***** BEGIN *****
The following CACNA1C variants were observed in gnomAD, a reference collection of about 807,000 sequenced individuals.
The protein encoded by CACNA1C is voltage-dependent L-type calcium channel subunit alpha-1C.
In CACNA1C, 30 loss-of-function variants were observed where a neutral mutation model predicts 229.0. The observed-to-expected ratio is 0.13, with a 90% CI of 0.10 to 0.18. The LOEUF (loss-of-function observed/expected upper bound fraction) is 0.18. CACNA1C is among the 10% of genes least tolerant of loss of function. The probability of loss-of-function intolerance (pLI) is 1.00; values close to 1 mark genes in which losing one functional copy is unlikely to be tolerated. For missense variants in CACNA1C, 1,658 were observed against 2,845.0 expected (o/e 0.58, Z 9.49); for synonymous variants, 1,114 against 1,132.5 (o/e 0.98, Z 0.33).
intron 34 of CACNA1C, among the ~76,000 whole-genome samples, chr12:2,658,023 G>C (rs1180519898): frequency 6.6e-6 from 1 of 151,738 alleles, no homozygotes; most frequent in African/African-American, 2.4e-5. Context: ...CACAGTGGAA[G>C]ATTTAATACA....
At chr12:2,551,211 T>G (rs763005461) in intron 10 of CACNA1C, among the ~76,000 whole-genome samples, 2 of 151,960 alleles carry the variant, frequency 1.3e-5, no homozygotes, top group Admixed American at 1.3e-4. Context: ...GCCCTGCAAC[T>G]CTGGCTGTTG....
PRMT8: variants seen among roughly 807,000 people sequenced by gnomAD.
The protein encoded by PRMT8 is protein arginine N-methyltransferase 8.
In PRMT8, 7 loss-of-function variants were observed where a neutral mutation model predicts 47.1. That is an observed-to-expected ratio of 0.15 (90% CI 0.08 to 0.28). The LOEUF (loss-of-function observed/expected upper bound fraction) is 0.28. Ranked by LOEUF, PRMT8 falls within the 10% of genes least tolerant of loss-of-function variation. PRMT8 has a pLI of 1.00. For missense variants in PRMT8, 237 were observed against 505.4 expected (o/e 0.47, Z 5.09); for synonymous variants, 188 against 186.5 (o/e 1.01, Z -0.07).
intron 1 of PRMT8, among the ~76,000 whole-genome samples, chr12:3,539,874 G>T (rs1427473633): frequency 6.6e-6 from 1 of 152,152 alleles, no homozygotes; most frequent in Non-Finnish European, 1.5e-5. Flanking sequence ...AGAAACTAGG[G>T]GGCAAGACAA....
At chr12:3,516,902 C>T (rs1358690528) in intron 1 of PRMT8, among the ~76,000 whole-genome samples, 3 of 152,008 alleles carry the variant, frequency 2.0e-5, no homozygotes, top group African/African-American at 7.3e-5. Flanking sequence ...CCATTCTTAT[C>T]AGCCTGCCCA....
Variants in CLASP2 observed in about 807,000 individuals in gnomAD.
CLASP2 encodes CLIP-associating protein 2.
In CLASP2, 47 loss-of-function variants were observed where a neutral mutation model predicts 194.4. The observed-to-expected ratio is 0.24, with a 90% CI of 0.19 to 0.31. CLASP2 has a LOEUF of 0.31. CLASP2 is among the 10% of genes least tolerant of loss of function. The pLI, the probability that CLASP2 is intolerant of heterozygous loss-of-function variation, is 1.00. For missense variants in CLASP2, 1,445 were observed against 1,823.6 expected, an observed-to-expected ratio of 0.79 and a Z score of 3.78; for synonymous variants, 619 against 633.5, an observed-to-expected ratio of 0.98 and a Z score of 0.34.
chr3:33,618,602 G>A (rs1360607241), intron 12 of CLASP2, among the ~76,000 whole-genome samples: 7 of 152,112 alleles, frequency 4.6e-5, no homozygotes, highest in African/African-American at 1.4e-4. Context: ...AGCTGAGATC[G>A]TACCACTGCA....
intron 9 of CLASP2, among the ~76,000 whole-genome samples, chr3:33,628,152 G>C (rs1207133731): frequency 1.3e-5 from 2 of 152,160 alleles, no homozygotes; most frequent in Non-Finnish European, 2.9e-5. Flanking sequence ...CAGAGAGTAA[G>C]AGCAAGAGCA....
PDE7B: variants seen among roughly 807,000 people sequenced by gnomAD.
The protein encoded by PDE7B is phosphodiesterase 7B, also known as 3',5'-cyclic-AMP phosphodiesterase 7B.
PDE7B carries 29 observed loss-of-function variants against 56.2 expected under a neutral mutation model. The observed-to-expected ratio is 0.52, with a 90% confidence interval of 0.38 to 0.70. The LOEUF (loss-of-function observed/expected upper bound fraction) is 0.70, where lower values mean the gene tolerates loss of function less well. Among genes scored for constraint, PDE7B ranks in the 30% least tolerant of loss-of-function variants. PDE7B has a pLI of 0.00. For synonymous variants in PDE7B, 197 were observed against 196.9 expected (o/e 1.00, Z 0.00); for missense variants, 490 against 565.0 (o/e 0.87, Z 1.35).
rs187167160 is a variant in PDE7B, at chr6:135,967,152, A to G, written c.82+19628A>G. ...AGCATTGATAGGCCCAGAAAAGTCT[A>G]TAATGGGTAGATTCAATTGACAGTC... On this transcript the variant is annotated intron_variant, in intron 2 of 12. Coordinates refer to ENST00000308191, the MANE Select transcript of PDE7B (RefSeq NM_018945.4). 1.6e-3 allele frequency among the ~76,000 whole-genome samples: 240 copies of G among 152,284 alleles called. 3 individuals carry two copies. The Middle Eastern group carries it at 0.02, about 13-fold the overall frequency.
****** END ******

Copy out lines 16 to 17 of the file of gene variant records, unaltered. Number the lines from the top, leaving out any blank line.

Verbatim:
PDE7B: variants seen among roughly 807,000 people sequenced by gnomAD.
The protein encoded by PDE7B is phosphodiesterase 7B, also known as 3',5'-cyclic-AMP phosphodiesterase 7B.